Ripon hornblowers become home blowers to carry on ancient tradition
Hornblowers in Ripon have said carrying on one of Britain’s oldest traditions from their homes is important to give people a sense of normality during the coronavirus outbreak.
The “Setting of the Watch” tradition, which is believed to date from 886, normally sees one of the city’s hornblowers give four blasts in the Market Square at 9pm every evening.
Following the lockdown, the decision was made to continue the ceremony from team members’ homes within the city’s boundary.
Wayne Cobbett, 33, a dental technician, said the tradition marks a time when the people of the city would be kept safe throughout the night, from 9pm, by a watchman.
He told PA Media: “We do that by four blasts of the horn around the obelisk in the Market Square at 9pm every evening.
“The restrictions we now see imposed upon us all mean that we can’t really do that safely, so we are having to do it from our places of residence for the foreseeable.”
Mr Cobbett continued: “It’s sort of part and parcel of life in Ripon that the hornblower blows a horn every night. It’s quite important that the tradition continues.
“It’s always symbolised security for Ripon, from back in the day when it was about the watchman being on duty and keeping people safe.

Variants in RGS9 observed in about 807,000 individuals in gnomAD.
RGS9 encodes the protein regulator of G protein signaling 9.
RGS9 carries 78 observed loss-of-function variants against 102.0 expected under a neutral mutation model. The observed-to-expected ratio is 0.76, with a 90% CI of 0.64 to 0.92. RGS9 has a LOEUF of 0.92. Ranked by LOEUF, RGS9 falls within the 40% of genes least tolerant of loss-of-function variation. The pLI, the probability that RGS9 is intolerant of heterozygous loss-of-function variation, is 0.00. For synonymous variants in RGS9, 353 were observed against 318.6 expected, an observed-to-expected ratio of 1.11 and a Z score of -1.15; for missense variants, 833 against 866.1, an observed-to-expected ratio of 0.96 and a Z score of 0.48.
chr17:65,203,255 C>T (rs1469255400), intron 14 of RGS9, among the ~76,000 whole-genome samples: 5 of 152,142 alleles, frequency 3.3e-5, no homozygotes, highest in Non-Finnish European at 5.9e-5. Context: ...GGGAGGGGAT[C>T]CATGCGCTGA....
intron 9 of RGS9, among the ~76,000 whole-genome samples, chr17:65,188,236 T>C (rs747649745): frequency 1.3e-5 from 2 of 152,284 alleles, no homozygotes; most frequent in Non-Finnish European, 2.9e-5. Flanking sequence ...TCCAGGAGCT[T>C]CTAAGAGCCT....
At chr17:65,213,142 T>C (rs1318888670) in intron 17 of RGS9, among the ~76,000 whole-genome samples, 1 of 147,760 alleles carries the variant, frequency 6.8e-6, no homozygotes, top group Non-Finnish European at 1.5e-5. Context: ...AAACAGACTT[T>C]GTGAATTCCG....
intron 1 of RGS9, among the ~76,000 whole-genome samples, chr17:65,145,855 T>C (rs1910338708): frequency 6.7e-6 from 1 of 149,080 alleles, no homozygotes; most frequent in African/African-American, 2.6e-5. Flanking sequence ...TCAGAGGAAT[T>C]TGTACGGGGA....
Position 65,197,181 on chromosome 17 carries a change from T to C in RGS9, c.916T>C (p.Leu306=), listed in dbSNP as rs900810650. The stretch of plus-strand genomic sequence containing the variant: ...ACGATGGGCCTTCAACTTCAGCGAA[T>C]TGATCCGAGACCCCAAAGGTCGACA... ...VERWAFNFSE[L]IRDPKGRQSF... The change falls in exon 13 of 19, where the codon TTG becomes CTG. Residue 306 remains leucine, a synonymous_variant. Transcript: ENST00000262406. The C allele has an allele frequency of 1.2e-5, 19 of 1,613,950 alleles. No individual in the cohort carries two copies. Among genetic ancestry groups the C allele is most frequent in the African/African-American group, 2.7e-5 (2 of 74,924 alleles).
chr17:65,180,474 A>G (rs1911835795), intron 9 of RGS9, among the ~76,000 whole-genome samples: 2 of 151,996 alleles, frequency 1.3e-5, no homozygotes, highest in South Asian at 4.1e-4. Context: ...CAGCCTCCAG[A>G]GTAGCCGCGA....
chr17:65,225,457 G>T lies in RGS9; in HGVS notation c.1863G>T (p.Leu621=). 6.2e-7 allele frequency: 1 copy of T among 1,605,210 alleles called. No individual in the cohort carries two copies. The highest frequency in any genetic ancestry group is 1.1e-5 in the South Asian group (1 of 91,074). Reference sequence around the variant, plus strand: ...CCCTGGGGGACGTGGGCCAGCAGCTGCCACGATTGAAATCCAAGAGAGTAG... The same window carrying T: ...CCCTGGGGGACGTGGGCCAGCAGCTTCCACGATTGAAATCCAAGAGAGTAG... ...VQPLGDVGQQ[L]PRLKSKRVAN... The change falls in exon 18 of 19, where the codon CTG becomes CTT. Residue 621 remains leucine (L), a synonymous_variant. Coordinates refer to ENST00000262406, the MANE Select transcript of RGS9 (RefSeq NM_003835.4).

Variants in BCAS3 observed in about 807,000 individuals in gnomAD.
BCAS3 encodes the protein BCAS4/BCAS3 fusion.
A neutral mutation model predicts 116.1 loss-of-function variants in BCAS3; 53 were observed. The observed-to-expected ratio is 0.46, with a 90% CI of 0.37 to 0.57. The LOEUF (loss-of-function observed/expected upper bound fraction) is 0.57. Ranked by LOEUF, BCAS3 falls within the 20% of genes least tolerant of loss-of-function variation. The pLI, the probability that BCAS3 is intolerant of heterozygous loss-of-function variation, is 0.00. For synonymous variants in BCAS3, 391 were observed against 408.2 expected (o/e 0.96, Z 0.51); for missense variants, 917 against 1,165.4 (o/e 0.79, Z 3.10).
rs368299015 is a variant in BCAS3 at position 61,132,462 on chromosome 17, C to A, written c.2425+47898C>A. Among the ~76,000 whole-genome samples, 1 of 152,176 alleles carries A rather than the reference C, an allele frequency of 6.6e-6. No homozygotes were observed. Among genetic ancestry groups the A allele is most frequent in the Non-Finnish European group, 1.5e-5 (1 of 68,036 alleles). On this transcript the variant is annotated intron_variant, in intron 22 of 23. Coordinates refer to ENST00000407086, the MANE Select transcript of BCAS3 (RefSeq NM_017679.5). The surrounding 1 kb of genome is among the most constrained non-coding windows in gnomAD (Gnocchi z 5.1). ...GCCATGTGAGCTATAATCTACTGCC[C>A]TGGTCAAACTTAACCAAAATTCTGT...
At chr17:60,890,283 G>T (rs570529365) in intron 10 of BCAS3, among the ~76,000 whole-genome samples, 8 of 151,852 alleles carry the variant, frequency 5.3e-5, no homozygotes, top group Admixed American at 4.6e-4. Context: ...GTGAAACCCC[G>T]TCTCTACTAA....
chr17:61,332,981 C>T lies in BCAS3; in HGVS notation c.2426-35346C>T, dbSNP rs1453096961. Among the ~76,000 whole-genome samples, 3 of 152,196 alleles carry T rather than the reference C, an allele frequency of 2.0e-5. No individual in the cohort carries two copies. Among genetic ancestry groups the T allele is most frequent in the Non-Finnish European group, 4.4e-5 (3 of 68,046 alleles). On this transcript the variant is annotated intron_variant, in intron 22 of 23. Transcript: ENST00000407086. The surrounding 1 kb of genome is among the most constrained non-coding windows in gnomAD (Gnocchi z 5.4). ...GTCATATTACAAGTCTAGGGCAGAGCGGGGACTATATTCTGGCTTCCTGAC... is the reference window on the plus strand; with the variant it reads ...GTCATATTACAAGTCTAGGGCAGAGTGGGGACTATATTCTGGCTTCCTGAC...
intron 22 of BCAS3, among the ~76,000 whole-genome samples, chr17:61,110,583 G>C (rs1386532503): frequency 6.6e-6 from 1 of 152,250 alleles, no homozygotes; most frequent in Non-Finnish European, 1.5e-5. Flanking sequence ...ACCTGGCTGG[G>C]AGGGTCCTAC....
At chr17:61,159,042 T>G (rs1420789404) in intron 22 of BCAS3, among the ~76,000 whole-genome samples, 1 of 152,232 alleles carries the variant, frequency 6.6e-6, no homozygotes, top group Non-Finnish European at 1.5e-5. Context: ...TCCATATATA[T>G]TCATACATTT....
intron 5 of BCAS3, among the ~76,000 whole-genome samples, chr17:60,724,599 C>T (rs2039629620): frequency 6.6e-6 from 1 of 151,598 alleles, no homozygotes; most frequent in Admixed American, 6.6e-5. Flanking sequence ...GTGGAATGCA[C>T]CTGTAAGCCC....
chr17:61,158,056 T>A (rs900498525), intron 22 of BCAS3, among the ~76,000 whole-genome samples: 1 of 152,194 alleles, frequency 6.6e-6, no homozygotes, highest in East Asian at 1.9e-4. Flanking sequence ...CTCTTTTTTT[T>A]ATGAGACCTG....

“It still represents that safety, and continuity of safety, in Ripon and that’s more important than ever these days.”
The 1,134-year-old tradition last had to be adapted during the Second World War, when the horn was blown at the earlier time of 6pm – or before the blackout.
Now, the three hornblowers – Mr Cobbett, Richard Midgley and Alison Clark – will continue the tradition from their homes.
Mr Midgley carried out the first home-based hornblowing on Tuesday night.
In a video posted to the Ripon Hornblower Facebook page, he apologised to his neighbours and joked that he could claim the title of “weirdest work from home job”.
He said: “Bit of an unusual situation. One that we certainly hoped we wouldn’t get into. But the situation is what is is, so it’s got to the stage where working from home is necessary.”
After giving four long blasts on the horn, he said: “Goodnight and sleep safe folks, the watch is set.”
Ripon City Council said in a statement: “Given the extraordinary situation that the whole country and wider world finds itself in, our hornblowing team will now undertake the setting of the watch ceremony from their home address within the city boundary.”